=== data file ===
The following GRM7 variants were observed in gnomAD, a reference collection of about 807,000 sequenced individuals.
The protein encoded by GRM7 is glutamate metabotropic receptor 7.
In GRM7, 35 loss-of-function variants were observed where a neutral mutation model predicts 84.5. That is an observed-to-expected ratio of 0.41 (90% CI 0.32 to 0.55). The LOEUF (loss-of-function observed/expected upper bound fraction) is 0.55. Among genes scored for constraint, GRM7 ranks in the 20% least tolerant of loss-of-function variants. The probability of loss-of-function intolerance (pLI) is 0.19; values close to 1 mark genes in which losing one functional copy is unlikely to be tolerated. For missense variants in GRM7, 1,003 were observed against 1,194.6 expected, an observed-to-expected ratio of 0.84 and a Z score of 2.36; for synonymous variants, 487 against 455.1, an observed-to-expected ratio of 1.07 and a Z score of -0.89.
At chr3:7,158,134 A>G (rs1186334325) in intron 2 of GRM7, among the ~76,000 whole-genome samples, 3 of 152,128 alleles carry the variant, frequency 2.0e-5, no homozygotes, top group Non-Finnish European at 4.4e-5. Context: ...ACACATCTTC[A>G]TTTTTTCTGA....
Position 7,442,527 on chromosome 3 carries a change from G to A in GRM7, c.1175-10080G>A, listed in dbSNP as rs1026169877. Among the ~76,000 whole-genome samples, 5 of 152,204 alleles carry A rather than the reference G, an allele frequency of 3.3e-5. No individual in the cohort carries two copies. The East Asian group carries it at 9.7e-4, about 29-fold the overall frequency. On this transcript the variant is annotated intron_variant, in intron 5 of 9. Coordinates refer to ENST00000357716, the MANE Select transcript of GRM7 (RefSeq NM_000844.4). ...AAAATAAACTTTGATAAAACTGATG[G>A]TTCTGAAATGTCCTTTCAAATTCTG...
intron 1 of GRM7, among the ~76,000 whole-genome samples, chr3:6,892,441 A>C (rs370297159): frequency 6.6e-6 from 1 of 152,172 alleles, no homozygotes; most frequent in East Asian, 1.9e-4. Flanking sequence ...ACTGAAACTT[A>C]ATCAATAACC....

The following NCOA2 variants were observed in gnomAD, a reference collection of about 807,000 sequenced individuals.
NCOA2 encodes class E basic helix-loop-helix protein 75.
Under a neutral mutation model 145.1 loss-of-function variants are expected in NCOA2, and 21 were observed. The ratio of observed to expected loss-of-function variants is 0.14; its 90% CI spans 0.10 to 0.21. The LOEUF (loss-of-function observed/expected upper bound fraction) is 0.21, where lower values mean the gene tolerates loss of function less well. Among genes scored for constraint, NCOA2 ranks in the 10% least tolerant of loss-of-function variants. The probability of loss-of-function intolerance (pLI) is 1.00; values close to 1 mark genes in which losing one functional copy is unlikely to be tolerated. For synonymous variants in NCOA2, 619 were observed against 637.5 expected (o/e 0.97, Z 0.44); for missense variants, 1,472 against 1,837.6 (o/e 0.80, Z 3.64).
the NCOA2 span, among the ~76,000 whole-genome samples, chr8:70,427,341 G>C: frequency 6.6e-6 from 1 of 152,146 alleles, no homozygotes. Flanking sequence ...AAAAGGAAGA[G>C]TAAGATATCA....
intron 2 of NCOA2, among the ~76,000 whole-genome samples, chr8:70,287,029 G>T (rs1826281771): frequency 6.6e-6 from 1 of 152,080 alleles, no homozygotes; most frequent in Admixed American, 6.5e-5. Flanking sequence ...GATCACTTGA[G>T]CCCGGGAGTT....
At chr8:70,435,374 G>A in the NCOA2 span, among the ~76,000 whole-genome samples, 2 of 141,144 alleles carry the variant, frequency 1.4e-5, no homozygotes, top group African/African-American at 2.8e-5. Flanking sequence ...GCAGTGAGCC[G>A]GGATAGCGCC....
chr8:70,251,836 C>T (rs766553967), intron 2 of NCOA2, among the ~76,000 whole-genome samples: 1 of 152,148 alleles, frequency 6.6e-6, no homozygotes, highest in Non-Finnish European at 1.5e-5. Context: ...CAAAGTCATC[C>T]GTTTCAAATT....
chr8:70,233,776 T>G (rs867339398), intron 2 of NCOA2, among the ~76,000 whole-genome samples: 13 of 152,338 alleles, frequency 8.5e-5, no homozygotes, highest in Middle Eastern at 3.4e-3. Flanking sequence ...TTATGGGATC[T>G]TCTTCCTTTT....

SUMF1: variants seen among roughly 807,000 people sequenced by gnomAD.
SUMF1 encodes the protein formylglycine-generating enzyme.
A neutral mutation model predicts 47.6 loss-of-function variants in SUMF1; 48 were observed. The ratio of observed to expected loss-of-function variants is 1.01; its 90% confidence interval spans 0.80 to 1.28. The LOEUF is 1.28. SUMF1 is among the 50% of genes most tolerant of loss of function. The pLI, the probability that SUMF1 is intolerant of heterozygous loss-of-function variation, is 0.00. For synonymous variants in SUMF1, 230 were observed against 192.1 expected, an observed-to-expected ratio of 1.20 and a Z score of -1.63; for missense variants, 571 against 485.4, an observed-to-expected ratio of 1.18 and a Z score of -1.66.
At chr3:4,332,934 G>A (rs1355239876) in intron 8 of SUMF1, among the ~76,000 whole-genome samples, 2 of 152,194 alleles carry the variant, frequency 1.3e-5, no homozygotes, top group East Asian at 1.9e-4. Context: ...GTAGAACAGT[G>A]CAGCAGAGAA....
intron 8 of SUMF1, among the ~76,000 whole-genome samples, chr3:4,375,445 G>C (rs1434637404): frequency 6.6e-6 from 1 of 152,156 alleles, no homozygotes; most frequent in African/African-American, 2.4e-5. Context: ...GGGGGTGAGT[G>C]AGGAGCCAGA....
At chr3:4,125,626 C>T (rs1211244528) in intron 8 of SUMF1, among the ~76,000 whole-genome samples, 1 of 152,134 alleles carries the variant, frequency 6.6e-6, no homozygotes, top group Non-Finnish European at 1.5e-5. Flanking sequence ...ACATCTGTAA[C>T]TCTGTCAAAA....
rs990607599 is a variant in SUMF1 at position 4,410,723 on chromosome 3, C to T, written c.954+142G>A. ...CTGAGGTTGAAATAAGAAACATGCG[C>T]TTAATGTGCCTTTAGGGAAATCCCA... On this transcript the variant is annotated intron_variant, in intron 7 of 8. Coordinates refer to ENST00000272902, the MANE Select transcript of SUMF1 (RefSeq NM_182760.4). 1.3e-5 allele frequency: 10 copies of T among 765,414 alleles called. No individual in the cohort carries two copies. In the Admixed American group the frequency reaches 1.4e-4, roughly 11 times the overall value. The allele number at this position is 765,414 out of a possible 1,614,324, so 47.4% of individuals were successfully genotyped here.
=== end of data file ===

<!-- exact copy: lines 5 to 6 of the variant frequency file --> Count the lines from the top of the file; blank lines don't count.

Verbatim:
Position 7,442,527 on chromosome 3 carries a change from G to A in GRM7, c.1175-10080G>A, listed in dbSNP as rs1026169877. Among the ~76,000 whole-genome samples, 5 of 152,204 alleles carry A rather than the reference G, an allele frequency of 3.3e-5. No individual in the cohort carries two copies. The East Asian group carries it at 9.7e-4, about 29-fold the overall frequency. On this transcript the variant is annotated intron_variant, in intron 5 of 9. Coordinates refer to ENST00000357716, the MANE Select transcript of GRM7 (RefSeq NM_000844.4). ...AAAATAAACTTTGATAAAACTGATG[G>A]TTCTGAAATGTCCTTTCAAATTCTG...
intron 1 of GRM7, among the ~76,000 whole-genome samples, chr3:6,892,441 A>C (rs370297159): frequency 6.6e-6 from 1 of 152,172 alleles, no homozygotes; most frequent in East Asian, 1.9e-4. Flanking sequence ...ACTGAAACTT[A>C]ATCAATAACC....